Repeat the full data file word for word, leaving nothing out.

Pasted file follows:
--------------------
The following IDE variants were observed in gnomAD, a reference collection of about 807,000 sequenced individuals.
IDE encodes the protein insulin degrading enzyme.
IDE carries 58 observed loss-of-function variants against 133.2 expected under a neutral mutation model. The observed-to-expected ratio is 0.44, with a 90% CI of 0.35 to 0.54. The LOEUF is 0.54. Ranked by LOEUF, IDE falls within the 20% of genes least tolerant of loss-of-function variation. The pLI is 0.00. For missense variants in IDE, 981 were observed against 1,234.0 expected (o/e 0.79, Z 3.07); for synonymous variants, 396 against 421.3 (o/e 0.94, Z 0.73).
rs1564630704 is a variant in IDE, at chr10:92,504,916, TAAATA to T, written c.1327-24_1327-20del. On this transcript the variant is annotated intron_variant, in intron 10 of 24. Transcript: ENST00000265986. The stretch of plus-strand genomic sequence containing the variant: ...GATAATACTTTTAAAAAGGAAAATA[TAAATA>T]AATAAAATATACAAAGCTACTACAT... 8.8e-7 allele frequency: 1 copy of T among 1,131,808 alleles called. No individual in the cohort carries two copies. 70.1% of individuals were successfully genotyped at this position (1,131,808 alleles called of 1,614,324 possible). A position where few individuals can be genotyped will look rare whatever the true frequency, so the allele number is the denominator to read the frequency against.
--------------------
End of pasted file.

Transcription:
The following IDE variants were observed in gnomAD, a reference collection of about 807,000 sequenced individuals.
IDE encodes the protein insulin degrading enzyme.
IDE carries 58 observed loss-of-function variants against 133.2 expected under a neutral mutation model. The observed-to-expected ratio is 0.44, with a 90% CI of 0.35 to 0.54. The LOEUF is 0.54. Ranked by LOEUF, IDE falls within the 20% of genes least tolerant of loss-of-function variation. The pLI is 0.00. For missense variants in IDE, 981 were observed against 1,234.0 expected (o/e 0.79, Z 3.07); for synonymous variants, 396 against 421.3 (o/e 0.94, Z 0.73).
rs1564630704 is a variant in IDE, at chr10:92,504,916, TAAATA to T, written c.1327-24_1327-20del. On this transcript the variant is annotated intron_variant, in intron 10 of 24. Transcript: ENST00000265986. The stretch of plus-strand genomic sequence containing the variant: ...GATAATACTTTTAAAAAGGAAAATA[TAAATA>T]AATAAAATATACAAAGCTACTACAT... 8.8e-7 allele frequency: 1 copy of T among 1,131,808 alleles called. No individual in the cohort carries two copies. 70.1% of individuals were successfully genotyped at this position (1,131,808 alleles called of 1,614,324 possible). A position where few individuals can be genotyped will look rare whatever the true frequency, so the allele number is the denominator to read the frequency against.